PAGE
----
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Tue
29
May
2012
 

What an inspired pairing! And to think the roles of Charlie Allnutt and Rose Sayer were nearly played by David Niven and Bette Davis. Humphrey Bogart won an Oscar as the unkempt steamboat skipper who clashes with prim spinster Katharine Hepburn in this fine First World War adventure. Initially, all was not well between the two leads. But, from the moment Hepburn began basing her character on Eleanor Roosevelt, the elements fused into a unique screen chemistry, and a gentle humour (that was noticeably absent from the shooting script) began to seep into the action. With director John Huston distracted by extracurricular safaris, the location work was clearly a strain - Bogie wouldn't have had to act too much to look distressed as he pulled the Queen through the leech-infested water. Yet the discord and discomfort resulted in a classic and a long overdue Academy Award for Bogart.

Reviewed By David Parkinson in Radio Times Film Guide



Wed
18
May
2016
 

When Roy “Mad Dog” Earle (Humphrey Bogart) is released from prison after serving time for bank robbery he is met by a henchman of Big Mac, a crime boss who has planned a daring jewel heist at a resort for rich tourists. Released early because of the underworld influence, Roy’s payback is doing one more job. He is joined by an inside man and a couple of young hoodlums to help him, but the girlfriend of one of them, Marie (Ida Lupino) is attracted to him, disrupting the code among thieves. When the heist goes wrong, Roy goes on the run, pursued by the police deeper into the mountainous Sierra. A man whose family fell victim to the Depression and resorted to crime, Bogart infuses the character with gallantry and strength, qualities which turned him into a movie icon. Opposite him is Ida Lupino, a compellingly good actress, director and pioneer for women in Hollywood. One of director Raoul Walsh’s finest films with superb performances, masterful filming and grand landscapes!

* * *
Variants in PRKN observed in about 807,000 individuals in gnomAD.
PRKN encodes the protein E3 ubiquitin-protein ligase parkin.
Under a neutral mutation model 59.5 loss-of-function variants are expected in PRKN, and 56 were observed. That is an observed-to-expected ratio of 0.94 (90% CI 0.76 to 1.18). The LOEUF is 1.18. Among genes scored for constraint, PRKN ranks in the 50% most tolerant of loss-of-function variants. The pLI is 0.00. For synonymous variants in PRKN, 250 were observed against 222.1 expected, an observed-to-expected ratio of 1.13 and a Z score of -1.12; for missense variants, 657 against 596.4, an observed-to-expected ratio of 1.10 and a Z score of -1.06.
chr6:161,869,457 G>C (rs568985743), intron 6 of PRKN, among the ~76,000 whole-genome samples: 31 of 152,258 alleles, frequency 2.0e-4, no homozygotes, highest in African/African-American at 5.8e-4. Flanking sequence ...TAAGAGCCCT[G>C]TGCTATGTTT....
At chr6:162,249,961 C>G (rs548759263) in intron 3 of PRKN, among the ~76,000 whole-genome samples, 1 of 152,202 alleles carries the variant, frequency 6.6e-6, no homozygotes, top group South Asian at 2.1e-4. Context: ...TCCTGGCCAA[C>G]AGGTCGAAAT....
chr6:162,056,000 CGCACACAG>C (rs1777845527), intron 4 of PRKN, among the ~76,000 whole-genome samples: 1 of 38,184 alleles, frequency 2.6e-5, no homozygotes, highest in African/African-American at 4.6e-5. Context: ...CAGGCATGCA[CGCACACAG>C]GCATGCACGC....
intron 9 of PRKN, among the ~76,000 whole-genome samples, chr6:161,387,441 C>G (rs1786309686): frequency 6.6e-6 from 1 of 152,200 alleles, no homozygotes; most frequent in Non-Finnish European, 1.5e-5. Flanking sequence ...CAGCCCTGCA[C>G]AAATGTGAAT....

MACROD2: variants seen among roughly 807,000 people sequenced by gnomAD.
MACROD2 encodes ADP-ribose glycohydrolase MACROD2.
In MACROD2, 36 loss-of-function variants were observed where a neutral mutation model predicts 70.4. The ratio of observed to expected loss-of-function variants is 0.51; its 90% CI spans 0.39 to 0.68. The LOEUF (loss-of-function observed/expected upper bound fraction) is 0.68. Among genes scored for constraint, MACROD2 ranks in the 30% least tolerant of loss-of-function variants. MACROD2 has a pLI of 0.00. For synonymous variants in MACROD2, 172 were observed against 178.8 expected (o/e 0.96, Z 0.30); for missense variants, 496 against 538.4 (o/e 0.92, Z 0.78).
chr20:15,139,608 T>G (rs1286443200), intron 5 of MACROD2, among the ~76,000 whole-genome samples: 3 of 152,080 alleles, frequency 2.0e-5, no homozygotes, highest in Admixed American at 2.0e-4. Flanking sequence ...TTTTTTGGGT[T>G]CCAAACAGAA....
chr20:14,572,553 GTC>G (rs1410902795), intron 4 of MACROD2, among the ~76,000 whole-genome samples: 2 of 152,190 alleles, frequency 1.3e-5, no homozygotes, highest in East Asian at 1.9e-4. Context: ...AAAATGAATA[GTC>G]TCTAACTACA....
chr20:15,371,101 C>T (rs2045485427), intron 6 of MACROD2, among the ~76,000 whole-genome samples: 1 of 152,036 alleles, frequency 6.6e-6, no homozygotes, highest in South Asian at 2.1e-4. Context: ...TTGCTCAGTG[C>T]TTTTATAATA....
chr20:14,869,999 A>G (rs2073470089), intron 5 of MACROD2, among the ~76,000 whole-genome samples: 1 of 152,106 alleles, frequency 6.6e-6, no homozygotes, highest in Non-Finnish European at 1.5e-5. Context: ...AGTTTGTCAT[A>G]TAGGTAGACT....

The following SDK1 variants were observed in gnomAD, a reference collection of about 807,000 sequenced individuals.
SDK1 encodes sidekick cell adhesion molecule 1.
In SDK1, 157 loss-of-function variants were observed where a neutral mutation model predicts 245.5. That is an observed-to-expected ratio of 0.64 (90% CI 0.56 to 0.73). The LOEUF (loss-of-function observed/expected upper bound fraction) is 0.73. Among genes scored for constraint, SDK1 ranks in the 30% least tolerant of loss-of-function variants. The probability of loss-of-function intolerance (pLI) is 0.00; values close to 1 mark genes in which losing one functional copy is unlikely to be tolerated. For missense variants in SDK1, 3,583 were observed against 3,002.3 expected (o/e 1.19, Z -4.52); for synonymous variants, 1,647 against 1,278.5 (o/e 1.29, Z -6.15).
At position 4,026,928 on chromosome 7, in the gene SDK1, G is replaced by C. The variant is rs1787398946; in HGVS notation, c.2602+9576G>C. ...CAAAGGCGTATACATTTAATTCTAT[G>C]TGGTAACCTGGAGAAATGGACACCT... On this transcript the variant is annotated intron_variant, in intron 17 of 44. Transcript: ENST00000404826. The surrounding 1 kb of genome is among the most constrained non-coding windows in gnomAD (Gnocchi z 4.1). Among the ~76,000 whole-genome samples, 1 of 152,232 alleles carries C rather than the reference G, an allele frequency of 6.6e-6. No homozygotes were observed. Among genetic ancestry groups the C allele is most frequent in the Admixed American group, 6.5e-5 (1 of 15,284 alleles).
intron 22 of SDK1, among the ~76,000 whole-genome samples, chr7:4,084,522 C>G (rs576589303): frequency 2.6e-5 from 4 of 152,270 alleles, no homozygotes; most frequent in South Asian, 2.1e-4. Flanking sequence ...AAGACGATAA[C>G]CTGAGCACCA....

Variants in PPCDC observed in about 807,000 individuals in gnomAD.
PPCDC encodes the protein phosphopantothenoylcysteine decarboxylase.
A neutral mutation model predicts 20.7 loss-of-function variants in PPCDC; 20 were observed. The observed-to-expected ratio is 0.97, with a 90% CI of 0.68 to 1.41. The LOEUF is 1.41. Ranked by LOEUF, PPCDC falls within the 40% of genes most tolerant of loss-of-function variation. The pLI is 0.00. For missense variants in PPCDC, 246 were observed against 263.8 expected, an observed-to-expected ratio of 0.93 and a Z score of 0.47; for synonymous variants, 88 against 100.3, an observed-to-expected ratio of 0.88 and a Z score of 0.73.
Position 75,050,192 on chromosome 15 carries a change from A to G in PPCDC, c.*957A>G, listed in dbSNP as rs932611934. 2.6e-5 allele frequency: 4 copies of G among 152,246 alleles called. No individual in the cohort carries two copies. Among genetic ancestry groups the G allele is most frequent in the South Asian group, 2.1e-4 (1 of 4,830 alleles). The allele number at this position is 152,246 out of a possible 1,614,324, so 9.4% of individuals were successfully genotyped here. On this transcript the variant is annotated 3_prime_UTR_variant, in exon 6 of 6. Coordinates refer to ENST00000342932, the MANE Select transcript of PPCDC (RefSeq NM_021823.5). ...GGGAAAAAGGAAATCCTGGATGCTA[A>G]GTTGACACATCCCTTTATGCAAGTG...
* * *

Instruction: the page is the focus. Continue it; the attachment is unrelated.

Mon
27
Oct
2014
 

When 19 year old Lauren Bacall made her screen debut opposite Humphrey Bogart in To Have and To Have Not Bogart met his match both on and off screen. Set on the island of Martinique during Nazi occupation, the skipper of a charter boat Harry Morgan (Bogart) reluctantly comes to the aid of the French Resistance and falls for Marie Browning, (Bacall) a sultry lounge singer and pickpocket. One of the most iconic partnerships in cinema history, Bogie and Bacall's incredible chemistry lights up the screen in this stylish, sexy and brilliantly sharp wartime adventure Romance.

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